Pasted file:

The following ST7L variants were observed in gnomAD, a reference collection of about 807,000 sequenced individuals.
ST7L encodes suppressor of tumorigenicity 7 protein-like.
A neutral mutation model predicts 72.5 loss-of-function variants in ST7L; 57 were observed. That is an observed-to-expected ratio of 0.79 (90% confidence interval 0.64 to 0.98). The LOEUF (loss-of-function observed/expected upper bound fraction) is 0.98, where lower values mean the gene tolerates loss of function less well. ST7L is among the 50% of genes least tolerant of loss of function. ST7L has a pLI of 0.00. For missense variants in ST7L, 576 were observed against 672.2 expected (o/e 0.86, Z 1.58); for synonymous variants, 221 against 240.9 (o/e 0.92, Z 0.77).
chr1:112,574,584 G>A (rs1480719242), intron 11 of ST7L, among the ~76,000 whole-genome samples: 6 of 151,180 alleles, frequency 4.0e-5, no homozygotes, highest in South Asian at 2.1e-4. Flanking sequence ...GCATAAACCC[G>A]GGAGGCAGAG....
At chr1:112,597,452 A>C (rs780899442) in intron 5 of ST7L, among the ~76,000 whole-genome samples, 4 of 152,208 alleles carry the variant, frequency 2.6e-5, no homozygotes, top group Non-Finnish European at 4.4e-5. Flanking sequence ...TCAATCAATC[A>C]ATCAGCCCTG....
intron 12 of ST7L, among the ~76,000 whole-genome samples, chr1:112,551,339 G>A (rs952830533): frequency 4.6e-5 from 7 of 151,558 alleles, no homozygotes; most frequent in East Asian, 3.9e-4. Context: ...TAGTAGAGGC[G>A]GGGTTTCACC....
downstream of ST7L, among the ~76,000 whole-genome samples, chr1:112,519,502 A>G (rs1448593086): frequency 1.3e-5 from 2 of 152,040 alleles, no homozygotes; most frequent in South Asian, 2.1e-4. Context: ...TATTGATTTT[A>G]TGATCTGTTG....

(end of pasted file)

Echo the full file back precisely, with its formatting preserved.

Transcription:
The following ST7L variants were observed in gnomAD, a reference collection of about 807,000 sequenced individuals.
ST7L encodes suppressor of tumorigenicity 7 protein-like.
A neutral mutation model predicts 72.5 loss-of-function variants in ST7L; 57 were observed. That is an observed-to-expected ratio of 0.79 (90% confidence interval 0.64 to 0.98). The LOEUF (loss-of-function observed/expected upper bound fraction) is 0.98, where lower values mean the gene tolerates loss of function less well. ST7L is among the 50% of genes least tolerant of loss of function. ST7L has a pLI of 0.00. For missense variants in ST7L, 576 were observed against 672.2 expected (o/e 0.86, Z 1.58); for synonymous variants, 221 against 240.9 (o/e 0.92, Z 0.77).
chr1:112,574,584 G>A (rs1480719242), intron 11 of ST7L, among the ~76,000 whole-genome samples: 6 of 151,180 alleles, frequency 4.0e-5, no homozygotes, highest in South Asian at 2.1e-4. Flanking sequence ...GCATAAACCC[G>A]GGAGGCAGAG....
At chr1:112,597,452 A>C (rs780899442) in intron 5 of ST7L, among the ~76,000 whole-genome samples, 4 of 152,208 alleles carry the variant, frequency 2.6e-5, no homozygotes, top group Non-Finnish European at 4.4e-5. Flanking sequence ...TCAATCAATC[A>C]ATCAGCCCTG....
intron 12 of ST7L, among the ~76,000 whole-genome samples, chr1:112,551,339 G>A (rs952830533): frequency 4.6e-5 from 7 of 151,558 alleles, no homozygotes; most frequent in East Asian, 3.9e-4. Context: ...TAGTAGAGGC[G>A]GGGTTTCACC....
downstream of ST7L, among the ~76,000 whole-genome samples, chr1:112,519,502 A>G (rs1448593086): frequency 1.3e-5 from 2 of 152,040 alleles, no homozygotes; most frequent in South Asian, 2.1e-4. Context: ...TATTGATTTT[A>G]TGATCTGTTG....